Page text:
A butt lift alone won’t add any volume to the buttocks. But sometimes, a butt lift is combined with an augmentation procedure to alter the shape or size of the buttocks with implants or fat grafts.
During a butt lift, excess skin and fat are removed from the buttocks. The remaining skin is then repositioned to create a more toned look.
A butt lift poses various risks, including:
- Fluid accumulation beneath the skin (seroma). Drainage tubes left in place after surgery can help reduce the risk of seroma. Your doctor might also remove fluid after surgery using a needle and syringe.
- Poor wound healing. Sometimes areas along the incision line heal poorly or begin to separate. You might be given antibiotics if there is a wound healing problem.
- Scarring. Incision scars from a buttock lift are permanent, but they’re typically placed in areas that aren’t easily visible.
- Changes in skin sensation. During a butt lift, the repositioning of your tissues can affect superficial sensory nerves. You’ll likely feel some reduced sensation or numbness. This numbness usually diminishes in the months to year after the procedure.
What you can expect
Before the procedure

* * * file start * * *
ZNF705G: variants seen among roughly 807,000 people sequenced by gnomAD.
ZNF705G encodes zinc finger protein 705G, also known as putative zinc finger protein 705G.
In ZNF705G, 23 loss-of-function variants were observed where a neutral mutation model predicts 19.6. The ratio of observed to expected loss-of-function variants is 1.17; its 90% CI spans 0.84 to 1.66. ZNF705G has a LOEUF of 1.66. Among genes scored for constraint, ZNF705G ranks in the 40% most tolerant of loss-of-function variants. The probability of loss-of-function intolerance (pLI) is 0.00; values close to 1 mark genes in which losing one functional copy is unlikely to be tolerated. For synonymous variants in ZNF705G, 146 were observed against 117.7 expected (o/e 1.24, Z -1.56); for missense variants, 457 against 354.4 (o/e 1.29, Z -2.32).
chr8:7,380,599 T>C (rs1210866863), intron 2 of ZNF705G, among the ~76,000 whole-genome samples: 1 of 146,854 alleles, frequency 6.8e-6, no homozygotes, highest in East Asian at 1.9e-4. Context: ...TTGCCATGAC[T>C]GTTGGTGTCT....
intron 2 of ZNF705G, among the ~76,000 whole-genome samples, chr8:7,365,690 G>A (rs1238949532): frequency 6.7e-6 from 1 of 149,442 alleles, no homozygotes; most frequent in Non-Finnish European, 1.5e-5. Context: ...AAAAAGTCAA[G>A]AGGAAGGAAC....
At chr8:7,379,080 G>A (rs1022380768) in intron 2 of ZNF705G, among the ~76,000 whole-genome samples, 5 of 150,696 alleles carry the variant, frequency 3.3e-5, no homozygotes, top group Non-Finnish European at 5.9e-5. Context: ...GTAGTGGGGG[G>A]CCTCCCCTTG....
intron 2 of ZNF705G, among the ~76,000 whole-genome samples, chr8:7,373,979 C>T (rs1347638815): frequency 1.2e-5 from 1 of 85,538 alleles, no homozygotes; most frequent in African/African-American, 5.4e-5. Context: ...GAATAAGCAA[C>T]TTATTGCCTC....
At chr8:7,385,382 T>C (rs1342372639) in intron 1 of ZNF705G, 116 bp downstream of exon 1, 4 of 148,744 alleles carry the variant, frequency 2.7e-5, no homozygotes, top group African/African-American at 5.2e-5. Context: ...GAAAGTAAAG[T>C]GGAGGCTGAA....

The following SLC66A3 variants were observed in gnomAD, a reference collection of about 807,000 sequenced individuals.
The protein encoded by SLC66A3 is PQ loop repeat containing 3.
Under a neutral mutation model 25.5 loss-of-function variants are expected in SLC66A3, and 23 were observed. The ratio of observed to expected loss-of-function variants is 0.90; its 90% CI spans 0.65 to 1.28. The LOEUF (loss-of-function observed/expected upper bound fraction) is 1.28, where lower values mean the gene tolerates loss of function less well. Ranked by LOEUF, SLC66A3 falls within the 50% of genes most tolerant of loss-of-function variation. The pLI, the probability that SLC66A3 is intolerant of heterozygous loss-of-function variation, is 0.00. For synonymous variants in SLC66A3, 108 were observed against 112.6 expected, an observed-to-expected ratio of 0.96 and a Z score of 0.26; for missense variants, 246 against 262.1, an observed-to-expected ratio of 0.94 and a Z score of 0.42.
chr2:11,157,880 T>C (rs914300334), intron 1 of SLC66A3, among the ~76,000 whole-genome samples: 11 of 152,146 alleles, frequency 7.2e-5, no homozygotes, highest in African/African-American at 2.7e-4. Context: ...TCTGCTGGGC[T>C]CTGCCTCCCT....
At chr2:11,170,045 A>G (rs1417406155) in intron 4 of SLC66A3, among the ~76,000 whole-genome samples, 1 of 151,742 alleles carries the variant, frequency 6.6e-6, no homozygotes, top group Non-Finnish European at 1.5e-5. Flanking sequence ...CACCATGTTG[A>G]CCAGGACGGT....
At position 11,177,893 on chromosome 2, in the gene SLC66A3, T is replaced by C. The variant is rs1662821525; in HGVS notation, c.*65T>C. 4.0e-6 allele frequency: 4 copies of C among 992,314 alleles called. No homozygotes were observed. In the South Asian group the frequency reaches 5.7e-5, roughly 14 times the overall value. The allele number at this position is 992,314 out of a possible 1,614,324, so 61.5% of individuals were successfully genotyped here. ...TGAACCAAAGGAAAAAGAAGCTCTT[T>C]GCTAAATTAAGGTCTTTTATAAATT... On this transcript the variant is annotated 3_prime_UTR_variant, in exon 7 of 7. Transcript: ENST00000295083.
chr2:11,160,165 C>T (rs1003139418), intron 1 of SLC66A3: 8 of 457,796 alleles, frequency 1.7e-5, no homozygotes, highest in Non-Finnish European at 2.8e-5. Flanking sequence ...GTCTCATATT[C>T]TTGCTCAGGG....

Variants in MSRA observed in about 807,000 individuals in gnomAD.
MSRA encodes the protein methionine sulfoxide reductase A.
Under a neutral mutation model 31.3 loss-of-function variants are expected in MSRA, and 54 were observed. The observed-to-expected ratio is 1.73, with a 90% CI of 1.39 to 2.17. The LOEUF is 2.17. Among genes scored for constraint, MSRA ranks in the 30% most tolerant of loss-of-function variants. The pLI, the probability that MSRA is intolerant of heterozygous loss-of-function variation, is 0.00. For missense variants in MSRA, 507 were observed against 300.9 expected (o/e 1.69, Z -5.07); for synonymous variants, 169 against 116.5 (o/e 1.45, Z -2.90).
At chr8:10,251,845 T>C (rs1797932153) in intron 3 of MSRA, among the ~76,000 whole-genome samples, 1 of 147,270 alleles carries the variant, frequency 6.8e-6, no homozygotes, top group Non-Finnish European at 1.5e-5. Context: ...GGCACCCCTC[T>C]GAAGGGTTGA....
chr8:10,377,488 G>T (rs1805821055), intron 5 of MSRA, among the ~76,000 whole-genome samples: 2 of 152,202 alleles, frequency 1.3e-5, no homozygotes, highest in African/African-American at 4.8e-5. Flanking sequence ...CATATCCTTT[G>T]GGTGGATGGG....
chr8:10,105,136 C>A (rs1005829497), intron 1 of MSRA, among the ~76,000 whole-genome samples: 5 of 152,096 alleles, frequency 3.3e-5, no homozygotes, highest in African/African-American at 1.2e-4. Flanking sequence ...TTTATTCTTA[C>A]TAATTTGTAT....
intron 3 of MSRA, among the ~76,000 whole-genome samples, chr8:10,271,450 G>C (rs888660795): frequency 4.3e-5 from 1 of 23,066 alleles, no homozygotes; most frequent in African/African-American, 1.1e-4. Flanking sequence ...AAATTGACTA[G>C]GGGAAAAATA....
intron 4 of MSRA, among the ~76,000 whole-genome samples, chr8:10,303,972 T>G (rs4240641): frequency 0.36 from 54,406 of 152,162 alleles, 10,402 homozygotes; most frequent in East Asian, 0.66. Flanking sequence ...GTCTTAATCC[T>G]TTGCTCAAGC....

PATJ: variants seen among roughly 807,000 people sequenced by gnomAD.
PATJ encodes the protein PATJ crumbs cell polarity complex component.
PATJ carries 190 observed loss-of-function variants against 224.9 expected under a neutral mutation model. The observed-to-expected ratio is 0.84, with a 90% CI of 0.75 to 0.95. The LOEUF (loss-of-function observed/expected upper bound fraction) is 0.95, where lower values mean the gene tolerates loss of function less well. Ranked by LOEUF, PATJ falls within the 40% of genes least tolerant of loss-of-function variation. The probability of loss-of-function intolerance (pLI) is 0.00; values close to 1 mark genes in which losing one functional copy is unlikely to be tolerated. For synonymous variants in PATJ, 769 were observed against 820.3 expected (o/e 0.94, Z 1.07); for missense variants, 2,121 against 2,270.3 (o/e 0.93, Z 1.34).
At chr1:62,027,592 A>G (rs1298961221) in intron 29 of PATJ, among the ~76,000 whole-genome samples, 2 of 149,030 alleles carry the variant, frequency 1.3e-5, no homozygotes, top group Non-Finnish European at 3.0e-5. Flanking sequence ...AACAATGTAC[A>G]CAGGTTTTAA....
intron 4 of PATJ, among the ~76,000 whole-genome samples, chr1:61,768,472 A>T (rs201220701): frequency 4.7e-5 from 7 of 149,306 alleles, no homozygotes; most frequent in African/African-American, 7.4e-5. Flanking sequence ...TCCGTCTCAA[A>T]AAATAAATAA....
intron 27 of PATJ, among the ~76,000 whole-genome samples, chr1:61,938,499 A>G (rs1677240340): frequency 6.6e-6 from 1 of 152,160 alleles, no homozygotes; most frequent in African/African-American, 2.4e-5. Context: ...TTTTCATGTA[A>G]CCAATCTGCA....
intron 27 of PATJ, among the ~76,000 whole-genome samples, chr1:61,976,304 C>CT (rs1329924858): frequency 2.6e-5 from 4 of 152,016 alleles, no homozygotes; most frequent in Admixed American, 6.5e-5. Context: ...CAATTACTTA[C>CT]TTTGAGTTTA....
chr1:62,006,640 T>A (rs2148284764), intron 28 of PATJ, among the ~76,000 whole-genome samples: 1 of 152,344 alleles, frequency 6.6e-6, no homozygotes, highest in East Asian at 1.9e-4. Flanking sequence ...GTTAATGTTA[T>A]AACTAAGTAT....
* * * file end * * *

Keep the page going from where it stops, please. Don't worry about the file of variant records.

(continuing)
During a butt lift, you’ll be made comfortable with the aid of a general anesthetic — which renders you unconscious.
A tube (catheter) will be placed into your bladder to collect urine. Your legs will be placed in devices called sequential compression boots, which are used to prevent blood clotting during and after surgery.
During the procedure
The plastic surgeon will make an incision along the lower back, from hip to hip. The excess skin below the incision is pulled up, lifting the buttocks. The extra skin and fat is then removed.
During the procedure you’ll be given an antibiotic to reduce the risk of infection.
The procedure typically takes two to five hours.
After the procedure
After a buttock lift, your incision will likely be covered with surgical dressing. One or more drains are typically placed under the wound and close to the incision line to drain any excess blood or fluid.
You’ll likely feel moderate pain, which will initially be controlled by intravenous pain medication. Drains might be left in place for several weeks after surgery. You’ll be shown how to empty and care for your drains.
You might need to continue taking an antibiotic and a medication to prevent blood clots (anticoagulant) after your buttock lift.
After a few days, you’ll begin wearing a supportive garment for the next few weeks. This will help prevent fluid buildup and provide support while you heal.
Scar management might include use of silicone sheeting, scar cream and massage. The appearance of your scar will improve over time.
For the first months after a buttock lift, you’ll need to take care when moving — increasing your activity level slowly — and avoid positions that strain your incision line to prevent the reopening of the wound. Your doctor will provide instructions. In addition, follow-up visits with your doctor will be needed.
By removing excess skin and fat from your butt, a butt lift can give you a more toned appearance.
Butt lift results are usually long lasting. Keep in mind that maintaining a stable weight is crucial for retaining your results.